4

Arizona Photo Enforcement Eases Slightly; "Criminal" Speed Violations on Freeways Now Deemed "Civil"

^
Keep New Times Free
I Support
  • Local
  • Community
  • Journalism
  • logo

Support the independent voice of Phoenix and help keep the future of New Times free.

 

The fastest drivers caught by freeway speed cameras in Arizona will be punished less, thanks to a policy change that halts the mailing of criminal speeding tickets.

The state Department of Public Safety, which operates the highway speed-camera program, says the change -- made without fanfare earlier this month -- won't likely result in fewer photo-related arrests. About 10 motorists snapped by the cameras have been arrested in the last six month -- and none strictly for speeding, DPS says.

Folks caught doing stupid, reckless things by the cameras, like sticking their heads through sunroofs, can still be arrested.

But people committing criminal speed violations will now pay less in penalties and experience fewer hassles.

 

State law allows cops to issue criminal traffic tickets for speeds higher than 85 miles per hour, or less, in certain circumstances. The violation is considered a class 3 misdemeanor under Arizona law.

The DPS, which operates the state-run camera system on freeways and highways, mailed about 4,000 such tickets to motorists last year, (and about 600,000 plain, old civil speeding tickets).

The criminal-speed tickets typically merit a higher fine, but they also mean extra work for DPS staff. These days, with the state struggling with a budget crisis, fewer officers are available to do that work.

So on February 10, the DPS made a "business decision" to make every ticket civil, rather than criminal, says DPS Lieutenant Jeff King.

King explains that each criminal ticket had to be filed with the Maricopa County Attorney's Office for prosecution, and each defendant had to be interviewed. Troopers had been contacting about six people a day, he says.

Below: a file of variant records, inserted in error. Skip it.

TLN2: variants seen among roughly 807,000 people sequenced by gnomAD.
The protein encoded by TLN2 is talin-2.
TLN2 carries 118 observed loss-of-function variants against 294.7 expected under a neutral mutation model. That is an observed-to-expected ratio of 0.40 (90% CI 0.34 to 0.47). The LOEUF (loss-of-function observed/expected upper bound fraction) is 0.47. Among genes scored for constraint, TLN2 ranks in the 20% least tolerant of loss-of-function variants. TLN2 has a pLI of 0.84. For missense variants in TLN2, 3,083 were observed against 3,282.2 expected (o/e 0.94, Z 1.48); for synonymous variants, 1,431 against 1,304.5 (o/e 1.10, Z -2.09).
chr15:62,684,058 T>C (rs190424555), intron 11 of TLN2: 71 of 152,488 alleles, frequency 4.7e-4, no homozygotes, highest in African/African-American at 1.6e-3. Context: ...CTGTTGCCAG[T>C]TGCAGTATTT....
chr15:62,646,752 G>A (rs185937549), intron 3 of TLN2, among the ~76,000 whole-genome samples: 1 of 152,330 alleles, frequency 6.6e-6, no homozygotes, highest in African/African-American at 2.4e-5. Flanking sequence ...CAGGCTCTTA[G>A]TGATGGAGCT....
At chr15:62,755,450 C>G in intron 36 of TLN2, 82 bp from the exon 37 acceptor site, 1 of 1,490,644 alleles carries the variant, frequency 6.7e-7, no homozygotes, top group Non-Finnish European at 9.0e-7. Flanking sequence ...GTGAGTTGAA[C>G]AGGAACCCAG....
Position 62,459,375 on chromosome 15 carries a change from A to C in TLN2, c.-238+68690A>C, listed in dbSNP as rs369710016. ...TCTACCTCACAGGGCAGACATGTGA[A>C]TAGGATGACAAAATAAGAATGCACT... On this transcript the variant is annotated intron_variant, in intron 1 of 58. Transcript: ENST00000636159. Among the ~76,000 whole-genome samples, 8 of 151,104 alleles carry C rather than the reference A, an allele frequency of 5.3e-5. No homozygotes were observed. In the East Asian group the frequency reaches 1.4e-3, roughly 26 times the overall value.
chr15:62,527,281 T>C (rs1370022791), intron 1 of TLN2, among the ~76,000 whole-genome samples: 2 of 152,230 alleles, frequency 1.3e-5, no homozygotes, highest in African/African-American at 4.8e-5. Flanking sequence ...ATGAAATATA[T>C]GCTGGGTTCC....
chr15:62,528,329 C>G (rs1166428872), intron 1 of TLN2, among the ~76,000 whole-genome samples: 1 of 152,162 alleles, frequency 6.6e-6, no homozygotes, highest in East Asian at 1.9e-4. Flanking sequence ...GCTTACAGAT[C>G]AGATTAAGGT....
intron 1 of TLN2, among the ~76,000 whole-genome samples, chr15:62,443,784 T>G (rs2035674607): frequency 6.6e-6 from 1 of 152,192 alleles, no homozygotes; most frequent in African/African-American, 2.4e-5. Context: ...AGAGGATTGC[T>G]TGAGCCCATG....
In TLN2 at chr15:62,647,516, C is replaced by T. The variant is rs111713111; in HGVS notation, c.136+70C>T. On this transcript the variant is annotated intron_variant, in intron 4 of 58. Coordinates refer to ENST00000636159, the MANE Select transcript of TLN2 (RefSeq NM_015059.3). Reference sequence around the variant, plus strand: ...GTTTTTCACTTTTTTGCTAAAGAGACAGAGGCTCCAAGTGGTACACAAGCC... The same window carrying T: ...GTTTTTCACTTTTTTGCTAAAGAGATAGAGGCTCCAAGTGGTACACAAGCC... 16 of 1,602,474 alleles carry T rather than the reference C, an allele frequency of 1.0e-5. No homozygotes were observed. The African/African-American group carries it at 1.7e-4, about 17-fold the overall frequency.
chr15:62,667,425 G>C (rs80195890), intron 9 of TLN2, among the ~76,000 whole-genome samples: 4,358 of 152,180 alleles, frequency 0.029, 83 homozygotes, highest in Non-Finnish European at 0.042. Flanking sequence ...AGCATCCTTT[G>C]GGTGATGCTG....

Now, the ticket will be deemed civil even if the recorded speed is in the "criminal" range.

Criminal speed penalties typically range from $235 (for up to 29 mph over the posted speed limit) to $460 (for 40 over) and more. Ticket-getters can't just mail in a fine -- they have to see a judge and make a plea. Often, they aren't allowed to take driving school, either.

All civil photo-enforcement violations on the freeway carry a flat fine of $181.50, so some leadfoots will be getting off much easier than in the past.

No matter what kind of ticket shows up in the mail, by now you should know what to do with it.

 

Keep Phoenix New Times Free... Since we started Phoenix New Times, it has been defined as the free, independent voice of Phoenix, and we would like to keep it that way. Offering our readers free access to incisive coverage of local news, food and culture. Producing stories on everything from political scandals to the hottest new bands, with gutsy reporting, stylish writing, and staffers who've won everything from the Society of Professional Journalists' Sigma Delta Chi feature-writing award to the Casey Medal for Meritorious Journalism. But with local journalism's existence under siege and advertising revenue setbacks having a larger impact, it is important now more than ever for us to rally support behind funding our local journalism. You can help by participating in our "I Support" membership program, allowing us to keep covering Phoenix with no paywalls.

We use cookies to collect and analyze information on site performance and usage, and to enhance and customize content and advertisements. By clicking 'X' or continuing to use the site, you agree to allow cookies to be placed. To find out more, visit our cookies policy and our privacy policy.

 

Join the New Times community and help support independent local journalism in Phoenix.

 

Join the New Times community and help support independent local journalism in Phoenix.